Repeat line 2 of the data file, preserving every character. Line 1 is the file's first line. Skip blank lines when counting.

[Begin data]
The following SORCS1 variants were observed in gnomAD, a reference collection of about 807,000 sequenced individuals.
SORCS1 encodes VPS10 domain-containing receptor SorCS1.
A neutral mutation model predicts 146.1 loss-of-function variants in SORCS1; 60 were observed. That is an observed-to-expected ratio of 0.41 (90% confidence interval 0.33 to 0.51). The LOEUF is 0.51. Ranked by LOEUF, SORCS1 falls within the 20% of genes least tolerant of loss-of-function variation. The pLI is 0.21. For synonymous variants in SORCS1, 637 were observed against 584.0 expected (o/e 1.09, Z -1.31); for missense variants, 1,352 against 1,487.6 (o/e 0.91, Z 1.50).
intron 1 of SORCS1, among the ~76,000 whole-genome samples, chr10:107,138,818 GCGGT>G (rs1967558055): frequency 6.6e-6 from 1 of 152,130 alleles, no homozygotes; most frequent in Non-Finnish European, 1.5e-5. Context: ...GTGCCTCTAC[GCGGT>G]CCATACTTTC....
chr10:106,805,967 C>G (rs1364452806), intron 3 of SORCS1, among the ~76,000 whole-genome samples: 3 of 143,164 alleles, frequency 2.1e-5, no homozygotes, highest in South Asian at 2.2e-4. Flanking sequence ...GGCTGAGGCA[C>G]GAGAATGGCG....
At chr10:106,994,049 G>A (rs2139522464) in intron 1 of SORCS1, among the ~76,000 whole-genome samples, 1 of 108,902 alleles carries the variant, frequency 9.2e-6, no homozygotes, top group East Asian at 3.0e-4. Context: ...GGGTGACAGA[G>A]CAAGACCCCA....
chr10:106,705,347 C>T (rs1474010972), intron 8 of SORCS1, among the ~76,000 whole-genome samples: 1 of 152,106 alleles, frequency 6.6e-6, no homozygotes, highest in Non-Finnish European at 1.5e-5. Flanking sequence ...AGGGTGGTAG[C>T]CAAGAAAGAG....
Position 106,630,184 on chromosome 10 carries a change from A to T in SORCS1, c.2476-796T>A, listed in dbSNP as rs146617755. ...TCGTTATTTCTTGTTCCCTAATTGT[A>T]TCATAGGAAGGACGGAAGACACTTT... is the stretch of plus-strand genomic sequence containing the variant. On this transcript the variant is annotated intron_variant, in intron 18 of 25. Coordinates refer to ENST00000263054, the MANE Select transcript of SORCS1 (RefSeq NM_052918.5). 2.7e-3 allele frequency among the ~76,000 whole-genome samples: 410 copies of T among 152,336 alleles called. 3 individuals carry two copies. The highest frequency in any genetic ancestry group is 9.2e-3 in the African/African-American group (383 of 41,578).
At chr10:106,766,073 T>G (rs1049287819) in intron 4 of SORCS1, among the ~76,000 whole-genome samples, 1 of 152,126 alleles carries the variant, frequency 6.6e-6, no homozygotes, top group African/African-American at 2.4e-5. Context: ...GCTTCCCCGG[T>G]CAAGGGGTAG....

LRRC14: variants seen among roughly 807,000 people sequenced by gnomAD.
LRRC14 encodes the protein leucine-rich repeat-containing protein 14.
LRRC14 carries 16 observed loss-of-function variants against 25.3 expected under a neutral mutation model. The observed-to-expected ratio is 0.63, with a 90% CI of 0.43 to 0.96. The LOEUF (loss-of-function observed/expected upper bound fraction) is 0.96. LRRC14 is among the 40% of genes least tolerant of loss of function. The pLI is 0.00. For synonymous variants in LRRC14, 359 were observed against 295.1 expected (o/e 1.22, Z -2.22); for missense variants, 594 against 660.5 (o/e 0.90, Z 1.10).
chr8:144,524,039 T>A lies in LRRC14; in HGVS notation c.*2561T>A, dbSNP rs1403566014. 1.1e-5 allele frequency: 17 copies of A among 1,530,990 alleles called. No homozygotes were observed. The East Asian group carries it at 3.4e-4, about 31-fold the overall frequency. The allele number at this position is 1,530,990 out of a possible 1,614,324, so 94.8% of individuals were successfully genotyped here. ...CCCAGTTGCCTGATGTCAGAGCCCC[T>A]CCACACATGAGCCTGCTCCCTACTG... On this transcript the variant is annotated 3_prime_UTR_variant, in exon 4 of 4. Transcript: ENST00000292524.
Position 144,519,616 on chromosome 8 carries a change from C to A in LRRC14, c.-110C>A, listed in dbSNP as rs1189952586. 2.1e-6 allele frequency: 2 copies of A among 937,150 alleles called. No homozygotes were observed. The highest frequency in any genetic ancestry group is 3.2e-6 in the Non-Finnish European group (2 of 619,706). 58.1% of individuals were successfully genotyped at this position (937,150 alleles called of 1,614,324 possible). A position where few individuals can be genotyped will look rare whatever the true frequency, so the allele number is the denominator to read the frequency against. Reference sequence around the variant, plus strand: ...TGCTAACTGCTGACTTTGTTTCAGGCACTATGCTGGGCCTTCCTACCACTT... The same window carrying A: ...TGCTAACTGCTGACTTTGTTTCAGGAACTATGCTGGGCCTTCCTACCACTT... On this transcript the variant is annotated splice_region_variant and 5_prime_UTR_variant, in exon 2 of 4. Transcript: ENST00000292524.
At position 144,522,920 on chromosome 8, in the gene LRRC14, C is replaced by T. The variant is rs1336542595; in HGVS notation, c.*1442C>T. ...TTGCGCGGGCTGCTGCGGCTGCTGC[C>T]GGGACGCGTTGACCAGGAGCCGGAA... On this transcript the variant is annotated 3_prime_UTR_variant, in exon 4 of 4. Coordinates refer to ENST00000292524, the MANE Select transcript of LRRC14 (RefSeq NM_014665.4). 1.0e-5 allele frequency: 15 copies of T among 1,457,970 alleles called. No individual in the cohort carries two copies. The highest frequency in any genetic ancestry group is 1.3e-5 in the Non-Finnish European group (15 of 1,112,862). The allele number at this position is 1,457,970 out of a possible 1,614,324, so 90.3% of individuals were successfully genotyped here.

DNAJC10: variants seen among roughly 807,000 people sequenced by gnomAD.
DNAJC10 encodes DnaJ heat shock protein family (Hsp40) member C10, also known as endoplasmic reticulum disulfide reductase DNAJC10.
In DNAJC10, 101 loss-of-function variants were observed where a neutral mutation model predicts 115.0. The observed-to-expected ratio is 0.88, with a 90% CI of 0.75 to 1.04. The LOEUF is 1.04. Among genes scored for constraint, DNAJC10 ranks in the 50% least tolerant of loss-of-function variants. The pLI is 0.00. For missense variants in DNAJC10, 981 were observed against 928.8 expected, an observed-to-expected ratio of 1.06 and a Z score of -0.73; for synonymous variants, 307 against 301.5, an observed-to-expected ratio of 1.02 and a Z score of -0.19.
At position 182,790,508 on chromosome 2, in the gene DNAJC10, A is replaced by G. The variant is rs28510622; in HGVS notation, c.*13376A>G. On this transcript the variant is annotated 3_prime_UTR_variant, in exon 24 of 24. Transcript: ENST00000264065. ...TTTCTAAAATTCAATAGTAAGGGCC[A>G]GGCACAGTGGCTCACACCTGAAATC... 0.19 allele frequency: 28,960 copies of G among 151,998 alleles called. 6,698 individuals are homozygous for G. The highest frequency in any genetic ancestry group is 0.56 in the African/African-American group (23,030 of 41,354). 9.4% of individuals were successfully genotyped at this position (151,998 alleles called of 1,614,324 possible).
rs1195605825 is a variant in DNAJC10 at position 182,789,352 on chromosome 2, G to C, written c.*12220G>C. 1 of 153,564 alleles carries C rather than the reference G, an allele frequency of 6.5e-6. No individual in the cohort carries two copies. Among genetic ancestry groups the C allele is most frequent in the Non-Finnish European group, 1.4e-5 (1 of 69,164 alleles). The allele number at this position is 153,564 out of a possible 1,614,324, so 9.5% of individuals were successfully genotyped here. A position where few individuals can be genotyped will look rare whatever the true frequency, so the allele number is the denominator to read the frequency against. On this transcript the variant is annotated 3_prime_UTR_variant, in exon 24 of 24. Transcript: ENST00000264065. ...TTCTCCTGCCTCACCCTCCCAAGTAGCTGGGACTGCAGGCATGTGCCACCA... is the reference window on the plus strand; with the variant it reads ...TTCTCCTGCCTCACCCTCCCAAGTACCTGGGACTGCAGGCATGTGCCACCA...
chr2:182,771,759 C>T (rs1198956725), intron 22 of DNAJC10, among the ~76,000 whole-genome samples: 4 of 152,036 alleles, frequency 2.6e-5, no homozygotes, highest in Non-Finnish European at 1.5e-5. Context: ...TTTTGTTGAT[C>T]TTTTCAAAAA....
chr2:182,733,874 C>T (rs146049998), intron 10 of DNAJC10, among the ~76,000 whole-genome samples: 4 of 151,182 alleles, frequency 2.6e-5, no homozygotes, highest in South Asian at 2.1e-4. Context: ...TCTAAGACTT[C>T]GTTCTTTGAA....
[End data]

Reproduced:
SORCS1 encodes VPS10 domain-containing receptor SorCS1.